This is the final installment chronicling the very custom transformation by Jim Stabe of his formerly stock 1966 MGB.
Jim knew from the outset that the curved, wide, speedster-style windshield was going to be his biggest challenge. He had been looking for months, but most windshields are really pretty flat compared to an MGB’s, and not wide enough for this custom wide body MGB.
Then one day, by chance, he was having lunch at an outdoor café across from work when a 1967 Impala convertible drove by. Its windshield looked wide enough, and as it passed directly across from him, he could see that the glass had a significant curve as well. He followed the Impala into the parking lot, where he got permission from its driver to take a few measurements. It indeed was wide enough, and it had more curvature than he had found on anything so far. He bought a windshield and began to work with it.
First he made a Masonite copy of the windshield’s curvature. To do this he soaked the Masonite for a couple days and then placed it, weighed down, on the inside of the glass. After it dried it had taken on the exact shape of the glass. He reinforced the Masonite with wood backing, so that it would retain its shape, and then he began to trim it to fit the contour of the car’s cowl, sweeping back 14 degrees – steeper than the stock windshield.
He used the Masonite pattern to mark the glass for cutting, which he did using a tool with a 1/8" diamond cutter and water spray. Cutting the glass took several hours. The edge was cleaned up using a sander with a tungsten carbide belt.
Jim also used the Masonite form to fabricate the windshield’s frame, from pieces of MG Midget uprights and 1"x1" aluminum channel. He made a ring roller machine to form the aluminum channel. Finally, he mounted the windshield’s frame to the body using specially made aluminum parts.
The hood is a massive piece and was very difficult to get straight and flat. Its frame is made from tubular steel. A total of nine pieces of aluminum make up its skin – a combination of stock MGB aluminum hood pieces and fabricated aluminum pieces, TIG welded together. The center section was fabricated on an English wheel, to match the contour of the stock hood pieces.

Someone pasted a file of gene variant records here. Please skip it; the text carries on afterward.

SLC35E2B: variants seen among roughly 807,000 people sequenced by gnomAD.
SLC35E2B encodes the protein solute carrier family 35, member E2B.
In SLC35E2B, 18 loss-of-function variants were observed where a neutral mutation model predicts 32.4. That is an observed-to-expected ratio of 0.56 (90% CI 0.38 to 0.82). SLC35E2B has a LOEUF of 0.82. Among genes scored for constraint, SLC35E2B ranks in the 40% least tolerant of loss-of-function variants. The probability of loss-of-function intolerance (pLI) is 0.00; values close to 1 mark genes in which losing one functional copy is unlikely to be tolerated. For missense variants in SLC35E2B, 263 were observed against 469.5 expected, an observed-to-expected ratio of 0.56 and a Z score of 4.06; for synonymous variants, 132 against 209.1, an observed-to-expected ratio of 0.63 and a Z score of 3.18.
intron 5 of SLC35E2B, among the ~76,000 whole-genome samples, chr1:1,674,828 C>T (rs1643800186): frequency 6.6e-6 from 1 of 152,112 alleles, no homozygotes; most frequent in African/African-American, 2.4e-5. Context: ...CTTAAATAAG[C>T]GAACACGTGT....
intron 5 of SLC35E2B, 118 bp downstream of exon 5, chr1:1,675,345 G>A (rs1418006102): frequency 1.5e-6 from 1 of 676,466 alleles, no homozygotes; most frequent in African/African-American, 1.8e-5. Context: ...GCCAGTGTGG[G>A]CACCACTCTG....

After the skin was completely welded and the welds dressed, the entire skin was again run through the English wheel to finalize the curvature of the panel.
The hood hinge was patterned after BMW hinges that allow the hood to rock up and forward, before being tilted up to the vertical. A simple hinge could not be used, since the front of the hood is curved and it sits on top of the grille. That ruled out simply hinging the hood at its front corners.
The grille is one of the styling cues that makes the car recognizable, but take a closer look at the logo within the familiar octagon and you will see GM, instead of MG – a nod to the GM V8 engine. The grille was difficult to fabricate due to its many subtle curves and angles. The thickness of its upper tube had to be increased from the stock dimension to maintain a proportional look. The grille is also structural, since the hood latch and release mechanism are attached.
The modified 350 cubic inch LT1 V8 engine and close ratio 6-speed transmission are from a 1995 Chevrolet Camaro Z28, with a Vortech blower setup from a Corvette LT1 engine. Other mods include a 7-quart baffled road race oil pan, Ford Taurus fan and fabricated shroud, fabricated remote aluminum surge tank and aluminum recovery tank, 11-inch Corvette diaphragm clutch, posi-traction, and a hand-built, 17-gallon fuel tank. Since the donor engine still had its naturally aspirated compression ratio of 10.9:1, Jim added boost triggered water/methanol injection to prevent detonation.
Output at the flywheel is 535 hp @ 5,800 rpm and 550 ft lbs of torque @ 4200 rpm (470 hp and 479 ft lbs of torque at the rear wheels), with 8 lbs of boost. Weight distribution is 50/50.
Jim says his MGB is a hoot to drive!
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Copyright © 2018 by Jan Wagner – AutoMatters & More #563 (Part 3r1)